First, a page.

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Transcript
Discussion Questions
What are the “feeling rules” in the following settings?
* College Classroom
* Church
* Hospital
If one isn’t experiencing the “correct” emotion, what
form(s) might emotion work take?
In American culture, are feeling rules different for men
and women?
Emotions and Role Attachments
Role Embracement – Identifying strongly with a role
and allowing it to shape how we think, feel, act,
and interact with others.
Role Distance – Performing role in a detached way;
our sense of self is not invested in the role.
Social Structure & Personality
Social Structure – Consists of positions,
roles, social networks.
Occupational experience varies on 3
dimensions:
1. Closeness of supervision
2. Routinization of work
3. Substantive complexity of the work
(Consider status at work - “status
characteristics”)
Occupational Roles and Physical Health
2 key ways in which occupational roles
affect physical health: 1) exposing
workers to health hazards, 2) stress
Social Structure & Personality
Job conditions that may lead to stress:
* the design of tasks
* management style
* interpersonal relationships
* work roles
* career concerns
* environmental conditions
Social Structure & Personality
We have two kinds of energy:
adaptation energy, which is capable of being replenished
within a 24-hour period;
energy reserves, which are your stores of energy
Distinction between “stress” and “stressor”:
Stress is the utilization of energy beyond that which can
be replenished in a 24-hour period.
Stressor is an environmental event which calls for
special efforts of adaptation.
Social Structure & Personality
David Elkind says that a person’s attitude toward stressors
is extremely important in determining whether he/she will
experience stress.
STRESSOR -----> Interpretation----> Attitude
A positive attitude will help one to cope with stressors in
a way that uses energy more efficiently.
A general point with regard to stress: Are we experiencing
the tyranny of the urgent ? (fast-pace of life;
emphasis on time, etc.) Examples? Implications?
Social Structure & Personality
Your place in the workplace – shaped by gender
In what ways do our adult relationships and work
experiences reflect our childhood socialization?
Prejudice and Discrimination
Origins of prejudice:
Realistic Conflict Theory – Prejudice stems from competition among social
groups over valued commodities or opportunities.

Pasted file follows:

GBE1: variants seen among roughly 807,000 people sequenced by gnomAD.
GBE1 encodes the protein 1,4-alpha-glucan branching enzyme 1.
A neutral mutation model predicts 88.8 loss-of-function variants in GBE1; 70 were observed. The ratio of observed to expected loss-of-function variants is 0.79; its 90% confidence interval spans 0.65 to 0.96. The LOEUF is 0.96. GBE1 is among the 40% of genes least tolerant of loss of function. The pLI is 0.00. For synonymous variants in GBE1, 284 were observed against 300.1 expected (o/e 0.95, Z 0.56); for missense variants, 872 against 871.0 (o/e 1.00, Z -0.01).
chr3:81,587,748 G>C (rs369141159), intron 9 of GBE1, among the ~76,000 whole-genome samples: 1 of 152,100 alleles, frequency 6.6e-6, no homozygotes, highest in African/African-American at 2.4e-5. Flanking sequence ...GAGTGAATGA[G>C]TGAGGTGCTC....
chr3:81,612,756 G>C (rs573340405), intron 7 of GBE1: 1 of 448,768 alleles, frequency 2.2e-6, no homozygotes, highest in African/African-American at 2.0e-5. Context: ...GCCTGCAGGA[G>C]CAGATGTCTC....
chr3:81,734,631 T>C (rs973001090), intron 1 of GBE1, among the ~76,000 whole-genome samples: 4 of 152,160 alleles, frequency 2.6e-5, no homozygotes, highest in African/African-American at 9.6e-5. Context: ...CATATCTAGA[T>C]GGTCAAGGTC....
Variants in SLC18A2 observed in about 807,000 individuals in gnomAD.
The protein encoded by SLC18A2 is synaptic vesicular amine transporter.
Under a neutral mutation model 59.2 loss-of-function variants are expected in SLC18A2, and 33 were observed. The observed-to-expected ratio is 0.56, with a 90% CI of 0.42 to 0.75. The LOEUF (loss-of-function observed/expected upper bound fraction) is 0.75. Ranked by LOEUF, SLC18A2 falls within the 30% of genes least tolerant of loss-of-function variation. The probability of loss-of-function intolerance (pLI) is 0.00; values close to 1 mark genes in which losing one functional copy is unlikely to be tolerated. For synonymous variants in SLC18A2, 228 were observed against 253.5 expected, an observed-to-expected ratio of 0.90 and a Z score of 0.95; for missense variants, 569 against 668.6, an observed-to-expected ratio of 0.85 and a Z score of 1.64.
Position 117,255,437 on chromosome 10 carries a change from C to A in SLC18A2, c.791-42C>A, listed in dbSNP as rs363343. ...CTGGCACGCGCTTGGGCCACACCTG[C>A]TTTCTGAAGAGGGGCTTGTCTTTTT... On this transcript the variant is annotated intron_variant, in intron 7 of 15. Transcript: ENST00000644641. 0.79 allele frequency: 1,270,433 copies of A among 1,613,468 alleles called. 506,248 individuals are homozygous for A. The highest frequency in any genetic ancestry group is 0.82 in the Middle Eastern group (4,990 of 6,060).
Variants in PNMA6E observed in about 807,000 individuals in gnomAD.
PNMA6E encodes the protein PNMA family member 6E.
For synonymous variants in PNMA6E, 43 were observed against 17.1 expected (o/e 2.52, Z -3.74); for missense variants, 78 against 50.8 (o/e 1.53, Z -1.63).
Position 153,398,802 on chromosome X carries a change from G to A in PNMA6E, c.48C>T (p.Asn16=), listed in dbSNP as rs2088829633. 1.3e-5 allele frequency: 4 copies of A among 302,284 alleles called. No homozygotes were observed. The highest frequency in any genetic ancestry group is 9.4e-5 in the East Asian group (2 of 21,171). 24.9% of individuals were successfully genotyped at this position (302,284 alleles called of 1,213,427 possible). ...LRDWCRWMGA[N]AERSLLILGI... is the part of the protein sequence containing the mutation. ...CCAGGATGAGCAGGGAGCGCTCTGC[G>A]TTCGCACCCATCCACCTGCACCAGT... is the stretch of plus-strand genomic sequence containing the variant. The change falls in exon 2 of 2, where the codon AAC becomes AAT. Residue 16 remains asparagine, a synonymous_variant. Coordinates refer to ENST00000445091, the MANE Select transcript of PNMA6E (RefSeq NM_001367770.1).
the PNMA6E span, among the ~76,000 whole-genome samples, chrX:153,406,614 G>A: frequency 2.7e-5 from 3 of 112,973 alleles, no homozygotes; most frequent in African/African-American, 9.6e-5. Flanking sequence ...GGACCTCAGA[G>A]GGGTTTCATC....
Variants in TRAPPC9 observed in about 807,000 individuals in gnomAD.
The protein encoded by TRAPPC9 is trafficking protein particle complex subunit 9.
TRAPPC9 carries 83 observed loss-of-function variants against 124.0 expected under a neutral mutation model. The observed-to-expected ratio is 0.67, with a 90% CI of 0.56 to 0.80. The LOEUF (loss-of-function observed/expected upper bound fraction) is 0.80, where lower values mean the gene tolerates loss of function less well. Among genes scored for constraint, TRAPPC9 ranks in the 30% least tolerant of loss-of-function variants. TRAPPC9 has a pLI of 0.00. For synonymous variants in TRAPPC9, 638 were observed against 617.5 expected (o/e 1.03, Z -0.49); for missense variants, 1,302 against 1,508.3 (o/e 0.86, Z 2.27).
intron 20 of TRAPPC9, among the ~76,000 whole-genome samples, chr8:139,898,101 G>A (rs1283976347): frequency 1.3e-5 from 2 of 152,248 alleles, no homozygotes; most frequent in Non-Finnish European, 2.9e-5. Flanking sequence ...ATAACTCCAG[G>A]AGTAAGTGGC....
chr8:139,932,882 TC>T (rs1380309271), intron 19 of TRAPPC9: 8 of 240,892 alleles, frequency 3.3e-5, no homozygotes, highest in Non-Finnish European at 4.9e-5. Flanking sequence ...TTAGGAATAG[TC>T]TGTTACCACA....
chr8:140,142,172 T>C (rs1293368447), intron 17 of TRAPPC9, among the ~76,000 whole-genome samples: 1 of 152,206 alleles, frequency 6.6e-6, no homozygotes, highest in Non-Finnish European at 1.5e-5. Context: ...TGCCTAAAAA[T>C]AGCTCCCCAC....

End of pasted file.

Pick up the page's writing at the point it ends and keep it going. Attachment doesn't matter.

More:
Social Categorization – People generally divide the social world into two distinct
categories: “us” and “them”.
(We may commit the ultimate attribution error).
Social Learning – Prejudice is learned.
Stereotypes – These generalizations about the typical characteristics of
members of various groups exert strong effects on the way we process
information.
Illusion of Out-group Homogeneity – This is the tendency to perceive persons
belonging to groups other than our own as all alike.
Prejudice and Discrimination
Ways to combat prejudice and discrimination:
Contact Hypothesis – Increase the degree of contact
between different groups. (This tends to work under
certain circumstances – e.g., the groups are roughly
equal in status; the groups are working toward shared
goals; contact between the groups is informal; contact
occurs in a setting where norms favor group equality).
Re-Categorization – Eliminate “us-them” boundaries.
Reduce the impact of stereotypes
Love
Love is not just a private
phenomenon; it is part of
our public culture. Love
is a narrative.
3 components of love:
intimacy, passion,
commitment
What is the difference
between love and
infatuation?
Love
The Romantic-Love Ideal (5 beliefs):
1. Love at first sight.
2. One true love.
3. Love conquers all.
4. Our beloved is perfect.
5. Follow feelings.
HOW WOULD YOU CRITIQUE THIS IDEAL?
ARE THESE BELIEFS WIDELY ACCEPTED AND
PREVALENT IN OUR CULTURE TODAY?
Love
Love is powerful – e.g., allows people to accomplish things;
overcome great obstacles. Also, love is powerful in the
sense that, for two people in a romantic relationship, love
gives each power over the other. From Social Exchange
Theory, consider the terms:
Comparison Level (CL) – The minimum level of
positive outcome one expects in a relationship.
Comparison Level for Alternatives (CLalt) – The
minimum level of positive outcome one will accept
in a relationship, given his/her alternatives.
Group Dynamics
Dyadic Relationships
Functions of a dyad:
* Expression of feelings.
* Confirmation.
* Change/influence.
* Creation/work.
Characteristics of dyads:
* Uniqueness.
* Completeness.
* Building block.
Group Dynamics
Dyadic Relationships
Relationship Stages:
1. Initiating
2. Experimenting
3. Intensifying
4. Integrating
5. Bonding
Group Dynamics
Dyadic Relationships
The Stages of Coming Apart:
1. Differentiating
2. Circumscribing
3. Stagnating